House hunting and moving… with dogs

Note: This post was written before we adopted Ben.

Back in July 2014, my husband and I got the good news: we’d be able to purchase a house the following year. Our lease was up in June (we were able to weasel out as early as April) and so we had plenty of time to figure out where we wanted to live and what kinds of things we wanted in this new house of ours.

You might remember the way I went about adopting a dog with my list of things I had to have, things I absolutely could not deal with, and the things I was willing to bend on. This served me well yet again as we started to list those things we wanted in a house.

Now, plenty of those things had little or nothing to do with our dog (or future dogs). We had to have space for my husband’s books. We had to have a guest room and preferred it on the first floor as his father had trouble with stairs. We really wanted a dishwasher because…well…that one should be obvious! So I won’t say that every single thing about the house was thought of in conjunction with dogs, but there were certainly things that we considered that did have to do with dogs.


Examples from Trulia. The house we were considering vs. the house we bought. Just look at all that red! Yikes!

1. The neighborhood. There were many questions that we had about the neighborhoods we looked at. At the top of the list was: Is it safe? Obviously this is not just about our dog, but there are certainly reasons why the two are connected. I have to walk her before work, often before it’s even light out. I take her out to pee at night. I don’t want to be looking over my shoulder and being afraid that someone might come after me when out for a walk. My go-to site for crime statistics for particular houses I was looking at was Trulia. Trulia gives you a general idea of how many crimes and what type of crimes have been reported in the area surrounding a particular address. One house we really adored we decided not to look closer at because the area was a higher crime area. And this was driven home rather well when it was discovered that not only was a house fire a few blocks away intentionally set, but that it was set by a man who was literally an ax murderer! The neighborhood we chose was “low” in the crimes list and those crimes that happened were relatively benign (no ax murderers living in our neighborhood, thank you very much!).

In addition to crime, we worried about noise, especially with a Border Collie mix (and future Border Collie) and how busy the neighborhood is. We were moving from a college neighborhood (read: drunken parties until the middle of the night) and wanted something far more peaceful. We found a nice suburban neighborhood that is essentially cut off from other neighborhoods. That means about 99% of the traffic that comes down our street is from people who live in the neighborhood. It’s quiet and not crime-ridden. Exactly what we wanted!

The yard is not pretty (yet!), but it's ours...and it's fenced in!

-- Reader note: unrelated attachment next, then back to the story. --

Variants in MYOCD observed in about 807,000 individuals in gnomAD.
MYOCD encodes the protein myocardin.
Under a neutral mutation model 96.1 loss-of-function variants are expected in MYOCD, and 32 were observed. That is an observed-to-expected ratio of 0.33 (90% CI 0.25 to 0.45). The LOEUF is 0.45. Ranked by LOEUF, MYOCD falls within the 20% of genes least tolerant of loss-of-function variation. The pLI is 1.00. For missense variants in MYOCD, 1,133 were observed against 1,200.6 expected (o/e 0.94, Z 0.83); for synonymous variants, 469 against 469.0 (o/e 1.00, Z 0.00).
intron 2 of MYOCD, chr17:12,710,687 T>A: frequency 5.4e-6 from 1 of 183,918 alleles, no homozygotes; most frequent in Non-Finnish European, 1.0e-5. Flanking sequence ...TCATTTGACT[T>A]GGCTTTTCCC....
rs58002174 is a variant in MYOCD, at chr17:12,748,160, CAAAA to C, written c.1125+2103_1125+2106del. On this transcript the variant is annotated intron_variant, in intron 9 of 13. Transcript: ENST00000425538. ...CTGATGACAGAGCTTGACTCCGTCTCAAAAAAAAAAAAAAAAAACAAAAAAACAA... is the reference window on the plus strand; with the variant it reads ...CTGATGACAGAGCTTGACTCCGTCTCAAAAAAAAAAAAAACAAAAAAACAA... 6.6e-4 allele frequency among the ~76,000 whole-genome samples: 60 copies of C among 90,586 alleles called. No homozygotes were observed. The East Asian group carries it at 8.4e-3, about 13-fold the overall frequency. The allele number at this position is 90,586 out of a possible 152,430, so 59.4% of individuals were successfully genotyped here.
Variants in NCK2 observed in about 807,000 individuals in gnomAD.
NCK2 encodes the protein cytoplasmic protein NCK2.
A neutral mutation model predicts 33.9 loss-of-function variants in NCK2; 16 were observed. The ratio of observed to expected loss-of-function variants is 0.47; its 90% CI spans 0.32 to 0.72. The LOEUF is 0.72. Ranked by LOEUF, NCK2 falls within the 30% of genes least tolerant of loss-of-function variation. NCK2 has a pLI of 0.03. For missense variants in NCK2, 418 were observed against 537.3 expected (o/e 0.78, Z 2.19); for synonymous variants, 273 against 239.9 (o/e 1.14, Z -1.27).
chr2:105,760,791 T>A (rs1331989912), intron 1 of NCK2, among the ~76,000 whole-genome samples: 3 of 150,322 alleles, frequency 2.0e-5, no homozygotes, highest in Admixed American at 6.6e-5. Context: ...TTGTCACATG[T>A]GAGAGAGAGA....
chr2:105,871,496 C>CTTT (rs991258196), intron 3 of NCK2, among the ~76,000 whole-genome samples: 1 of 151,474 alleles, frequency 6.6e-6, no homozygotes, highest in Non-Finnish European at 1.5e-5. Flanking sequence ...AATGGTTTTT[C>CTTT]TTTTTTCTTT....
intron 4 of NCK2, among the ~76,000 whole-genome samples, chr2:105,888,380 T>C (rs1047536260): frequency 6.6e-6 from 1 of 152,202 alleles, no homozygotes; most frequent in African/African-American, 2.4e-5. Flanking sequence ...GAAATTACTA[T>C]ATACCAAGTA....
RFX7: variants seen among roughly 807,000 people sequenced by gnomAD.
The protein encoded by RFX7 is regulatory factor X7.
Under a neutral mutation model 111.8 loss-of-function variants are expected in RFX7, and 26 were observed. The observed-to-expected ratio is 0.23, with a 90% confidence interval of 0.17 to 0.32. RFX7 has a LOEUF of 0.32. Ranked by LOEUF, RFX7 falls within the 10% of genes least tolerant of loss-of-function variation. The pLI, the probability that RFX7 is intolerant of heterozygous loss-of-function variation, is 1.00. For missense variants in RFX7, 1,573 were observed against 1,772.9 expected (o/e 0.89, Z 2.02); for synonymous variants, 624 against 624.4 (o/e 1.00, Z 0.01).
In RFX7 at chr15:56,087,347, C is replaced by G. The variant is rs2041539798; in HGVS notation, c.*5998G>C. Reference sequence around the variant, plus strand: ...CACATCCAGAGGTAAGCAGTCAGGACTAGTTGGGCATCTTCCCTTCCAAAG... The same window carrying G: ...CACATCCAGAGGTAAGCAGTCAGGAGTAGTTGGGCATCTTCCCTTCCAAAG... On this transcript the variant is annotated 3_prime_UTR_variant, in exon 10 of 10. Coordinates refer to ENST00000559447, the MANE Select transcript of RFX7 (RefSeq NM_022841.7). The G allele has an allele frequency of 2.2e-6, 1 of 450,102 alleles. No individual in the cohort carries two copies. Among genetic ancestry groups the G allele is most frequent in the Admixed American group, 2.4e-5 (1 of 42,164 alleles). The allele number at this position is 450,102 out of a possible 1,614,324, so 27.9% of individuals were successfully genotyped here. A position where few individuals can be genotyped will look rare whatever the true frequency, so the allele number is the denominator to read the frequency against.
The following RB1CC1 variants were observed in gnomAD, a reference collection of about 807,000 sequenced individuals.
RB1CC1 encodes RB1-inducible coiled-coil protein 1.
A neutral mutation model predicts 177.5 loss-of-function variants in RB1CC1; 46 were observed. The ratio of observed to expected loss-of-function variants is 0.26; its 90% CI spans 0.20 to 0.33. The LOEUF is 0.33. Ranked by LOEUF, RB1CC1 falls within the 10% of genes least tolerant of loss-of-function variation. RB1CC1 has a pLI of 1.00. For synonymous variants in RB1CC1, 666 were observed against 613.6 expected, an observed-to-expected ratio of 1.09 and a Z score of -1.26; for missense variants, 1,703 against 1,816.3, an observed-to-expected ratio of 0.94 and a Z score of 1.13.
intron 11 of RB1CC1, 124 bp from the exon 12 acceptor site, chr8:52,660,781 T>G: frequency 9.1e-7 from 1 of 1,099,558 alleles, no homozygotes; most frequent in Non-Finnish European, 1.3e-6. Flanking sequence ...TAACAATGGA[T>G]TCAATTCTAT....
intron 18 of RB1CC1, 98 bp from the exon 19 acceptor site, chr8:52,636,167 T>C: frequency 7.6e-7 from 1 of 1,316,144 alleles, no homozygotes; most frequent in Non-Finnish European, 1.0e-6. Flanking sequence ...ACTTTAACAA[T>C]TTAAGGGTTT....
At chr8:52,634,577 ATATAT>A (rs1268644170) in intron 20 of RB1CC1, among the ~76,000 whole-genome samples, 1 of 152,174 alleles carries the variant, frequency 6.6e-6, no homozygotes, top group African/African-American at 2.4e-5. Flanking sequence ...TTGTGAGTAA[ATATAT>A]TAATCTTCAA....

The yard is not pretty (yet!), but it’s ours…and it’s fenced in!

2. The yard. This one is pretty obvious. For my husband and I, personally, a yard is not a big deal. He wants to plant a small garden. So having a lot of space was not really necessary. But for our dog and for any future dogs? We had two requirements in a yard: (a) A decent sized yard that enabled me to set up some agility equipment and play some good games of fetch, but that was not so large that we would need a riding lawn mower to take care of it and (b) fenced in. The latter was something we could have bent on, but I really didn’t want to. Fencing is expensive. And as we’ve discussed before, many rescues require a fenced in yard, and if they don’t require one, they would really really like you to have one. Having a fenced in yard means there are more rescues we can adopt from.

3. House size and layout. The former was really far more about my husband’s stuff (read: 1000+ books), but the size of the house and the layout of it were fairly important when it came to dogs. Right now we have one dog. In the future we would like to get a second and there were things we took into consideration for future dog. The two most important things for us were (a) space in the bedroom for two dog beds, one on each side of the bed (we got it!) and (b) a comfortable room that we can close one dog up in if necessary. I will admit, I’m not big on crates unless there is a really major reason to use one (e.g. housebreaking, dog is more comfortable in the crate). I like giving Dahlia the run of the house when we’re gone. She’s not destructive (unless we leave some sort of food item out…*ah hem*…butter thief), she’s housebroken, and mostly she just lays around and sleeps all day. If future dog is not destructive and housebroken, then I want future dog to have that same benefit. But I admit, I’m a bit of a nervous nelly. I hate leaving two dogs together because I have constant fears that I’m going to come home to something really horrible and am always relieved when I come home to find them laying around and just chilling. So I can well imagine that I’m going to want to separate them when no one is home, especially at first, just for my own sanity. But I don’t want one dog to have someplace comfortable to lay and the other one be stuck in a tiny room. So that was all taken into consideration when looking at houses. The house we bought has a 240 square foot room that my husband is using as his study. It’s comfortable, has some nice chairs in it and plenty of space. It’s certainly a good place for future dog to hang out in.